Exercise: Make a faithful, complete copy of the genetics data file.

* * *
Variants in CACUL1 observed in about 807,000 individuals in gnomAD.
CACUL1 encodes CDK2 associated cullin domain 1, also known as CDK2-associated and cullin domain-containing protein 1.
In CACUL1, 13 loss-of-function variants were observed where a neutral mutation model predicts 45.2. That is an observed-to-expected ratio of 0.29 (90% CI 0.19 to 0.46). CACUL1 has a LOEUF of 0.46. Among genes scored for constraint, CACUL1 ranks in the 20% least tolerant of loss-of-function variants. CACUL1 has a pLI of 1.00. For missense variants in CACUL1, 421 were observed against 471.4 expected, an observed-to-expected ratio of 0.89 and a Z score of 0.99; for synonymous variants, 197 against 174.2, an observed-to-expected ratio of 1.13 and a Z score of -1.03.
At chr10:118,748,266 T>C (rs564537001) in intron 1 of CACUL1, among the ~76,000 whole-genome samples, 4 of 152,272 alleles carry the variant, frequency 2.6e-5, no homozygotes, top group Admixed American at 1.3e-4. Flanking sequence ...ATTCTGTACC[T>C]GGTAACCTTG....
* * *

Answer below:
Variants in CACUL1 observed in about 807,000 individuals in gnomAD.
CACUL1 encodes CDK2 associated cullin domain 1, also known as CDK2-associated and cullin domain-containing protein 1.
In CACUL1, 13 loss-of-function variants were observed where a neutral mutation model predicts 45.2. That is an observed-to-expected ratio of 0.29 (90% CI 0.19 to 0.46). CACUL1 has a LOEUF of 0.46. Among genes scored for constraint, CACUL1 ranks in the 20% least tolerant of loss-of-function variants. CACUL1 has a pLI of 1.00. For missense variants in CACUL1, 421 were observed against 471.4 expected, an observed-to-expected ratio of 0.89 and a Z score of 0.99; for synonymous variants, 197 against 174.2, an observed-to-expected ratio of 1.13 and a Z score of -1.03.
At chr10:118,748,266 T>C (rs564537001) in intron 1 of CACUL1, among the ~76,000 whole-genome samples, 4 of 152,272 alleles carry the variant, frequency 2.6e-5, no homozygotes, top group Admixed American at 1.3e-4. Flanking sequence ...ATTCTGTACC[T>C]GGTAACCTTG....